Recently, I was on the commuter train home. I happened to be reading Susan Schweik’s book Ugly Laws: Disability in Public for a research paper. Two middle-aged women sat down opposite me, and one inquired as to what book I was reading.
Me: It’s a book about 20th-century ugly laws in the U.S.
Woman #1: What’re those?
Me: Oh, they were regulations that prevented people with visible disabilities from panhandling in public, but more generally, they also kept people with disabilities out of the public eye.
Woman #2: Wow, that is so interesting! Are you in school?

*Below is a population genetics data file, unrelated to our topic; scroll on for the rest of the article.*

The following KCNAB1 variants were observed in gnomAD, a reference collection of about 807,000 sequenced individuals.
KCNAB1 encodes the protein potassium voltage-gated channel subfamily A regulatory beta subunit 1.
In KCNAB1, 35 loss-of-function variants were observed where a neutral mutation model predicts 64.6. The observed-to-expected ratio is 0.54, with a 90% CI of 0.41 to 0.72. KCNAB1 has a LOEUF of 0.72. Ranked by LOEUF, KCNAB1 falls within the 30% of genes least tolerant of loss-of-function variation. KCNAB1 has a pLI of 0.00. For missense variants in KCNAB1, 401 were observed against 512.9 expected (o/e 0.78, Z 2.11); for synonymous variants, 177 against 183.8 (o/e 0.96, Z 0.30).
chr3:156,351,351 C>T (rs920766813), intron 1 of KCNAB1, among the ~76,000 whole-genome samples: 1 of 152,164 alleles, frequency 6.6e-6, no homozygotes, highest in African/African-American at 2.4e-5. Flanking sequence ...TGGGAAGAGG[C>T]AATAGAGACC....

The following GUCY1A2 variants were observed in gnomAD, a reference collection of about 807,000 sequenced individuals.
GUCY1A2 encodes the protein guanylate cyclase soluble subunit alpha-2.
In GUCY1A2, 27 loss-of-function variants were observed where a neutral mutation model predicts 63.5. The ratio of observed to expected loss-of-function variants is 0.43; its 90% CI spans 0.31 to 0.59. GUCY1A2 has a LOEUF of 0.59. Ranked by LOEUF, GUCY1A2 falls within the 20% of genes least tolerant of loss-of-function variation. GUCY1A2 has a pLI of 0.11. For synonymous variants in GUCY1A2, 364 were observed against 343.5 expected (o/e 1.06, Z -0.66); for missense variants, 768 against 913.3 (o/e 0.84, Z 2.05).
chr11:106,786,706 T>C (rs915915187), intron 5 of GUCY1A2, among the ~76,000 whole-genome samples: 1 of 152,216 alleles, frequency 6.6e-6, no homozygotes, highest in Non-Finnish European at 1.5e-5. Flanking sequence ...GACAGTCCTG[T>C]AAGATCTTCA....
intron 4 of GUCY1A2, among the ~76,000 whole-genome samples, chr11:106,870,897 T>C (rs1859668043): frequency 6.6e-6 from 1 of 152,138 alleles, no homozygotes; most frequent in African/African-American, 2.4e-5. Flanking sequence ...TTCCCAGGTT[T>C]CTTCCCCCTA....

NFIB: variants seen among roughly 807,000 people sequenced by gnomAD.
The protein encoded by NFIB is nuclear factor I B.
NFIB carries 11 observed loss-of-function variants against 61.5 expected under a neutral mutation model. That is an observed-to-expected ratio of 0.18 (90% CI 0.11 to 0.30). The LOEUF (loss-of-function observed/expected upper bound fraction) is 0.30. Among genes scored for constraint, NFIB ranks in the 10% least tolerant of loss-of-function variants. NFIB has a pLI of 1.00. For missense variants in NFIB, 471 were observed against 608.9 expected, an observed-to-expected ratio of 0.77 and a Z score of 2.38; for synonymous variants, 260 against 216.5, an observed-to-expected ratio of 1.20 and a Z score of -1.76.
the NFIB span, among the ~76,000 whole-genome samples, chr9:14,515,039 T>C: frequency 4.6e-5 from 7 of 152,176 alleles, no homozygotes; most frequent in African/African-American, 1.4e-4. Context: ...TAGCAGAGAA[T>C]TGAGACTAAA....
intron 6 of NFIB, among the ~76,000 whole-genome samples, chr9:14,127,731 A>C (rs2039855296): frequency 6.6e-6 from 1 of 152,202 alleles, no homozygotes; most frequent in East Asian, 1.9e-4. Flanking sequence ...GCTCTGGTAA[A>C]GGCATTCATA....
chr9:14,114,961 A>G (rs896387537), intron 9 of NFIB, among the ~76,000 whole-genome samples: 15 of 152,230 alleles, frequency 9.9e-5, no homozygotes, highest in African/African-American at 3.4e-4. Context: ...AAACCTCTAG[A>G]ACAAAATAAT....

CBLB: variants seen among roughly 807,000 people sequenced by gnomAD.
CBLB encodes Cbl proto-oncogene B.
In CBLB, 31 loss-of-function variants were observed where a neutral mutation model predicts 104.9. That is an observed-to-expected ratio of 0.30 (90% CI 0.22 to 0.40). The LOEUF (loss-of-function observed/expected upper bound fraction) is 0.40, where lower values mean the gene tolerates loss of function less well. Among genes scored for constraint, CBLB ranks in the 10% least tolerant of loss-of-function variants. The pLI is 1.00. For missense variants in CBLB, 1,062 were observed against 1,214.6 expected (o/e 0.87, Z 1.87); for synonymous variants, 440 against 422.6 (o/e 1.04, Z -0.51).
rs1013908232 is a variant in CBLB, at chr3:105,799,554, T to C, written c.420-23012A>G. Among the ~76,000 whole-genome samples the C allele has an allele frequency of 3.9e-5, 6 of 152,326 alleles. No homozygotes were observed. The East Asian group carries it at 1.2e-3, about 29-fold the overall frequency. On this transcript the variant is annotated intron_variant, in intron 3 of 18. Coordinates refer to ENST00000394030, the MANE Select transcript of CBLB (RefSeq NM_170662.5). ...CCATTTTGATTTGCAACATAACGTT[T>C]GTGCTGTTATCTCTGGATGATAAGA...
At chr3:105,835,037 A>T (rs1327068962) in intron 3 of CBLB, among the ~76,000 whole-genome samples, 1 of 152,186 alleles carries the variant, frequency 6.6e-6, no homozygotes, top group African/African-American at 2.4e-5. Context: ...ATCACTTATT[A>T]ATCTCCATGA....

Me: Yes, I’m reading this for a grad school paper.
Woman #1: You’re lucky you’re in grad school! The great thing about being in school is that you get to learn about things you might otherwise never learn about.
Me: Yeah, I suppose so.
Woman #1: And…why are you interested in that topic?
Me: I’m interested in feminist theory and disability, and how those things intersect with race, gender and class, and other stuff. That’s the short version, anyway.
Woman #1 [After a long pause]: Of course, I didn’t mean to imply that you are disabled or have a deformity…
Me: Uh, okay. [Pause] You can’t see it, but I do have chronic pain.
And the conversation sort of stopped after that. For some reason, I suspect that this is not an uncommon occurrence.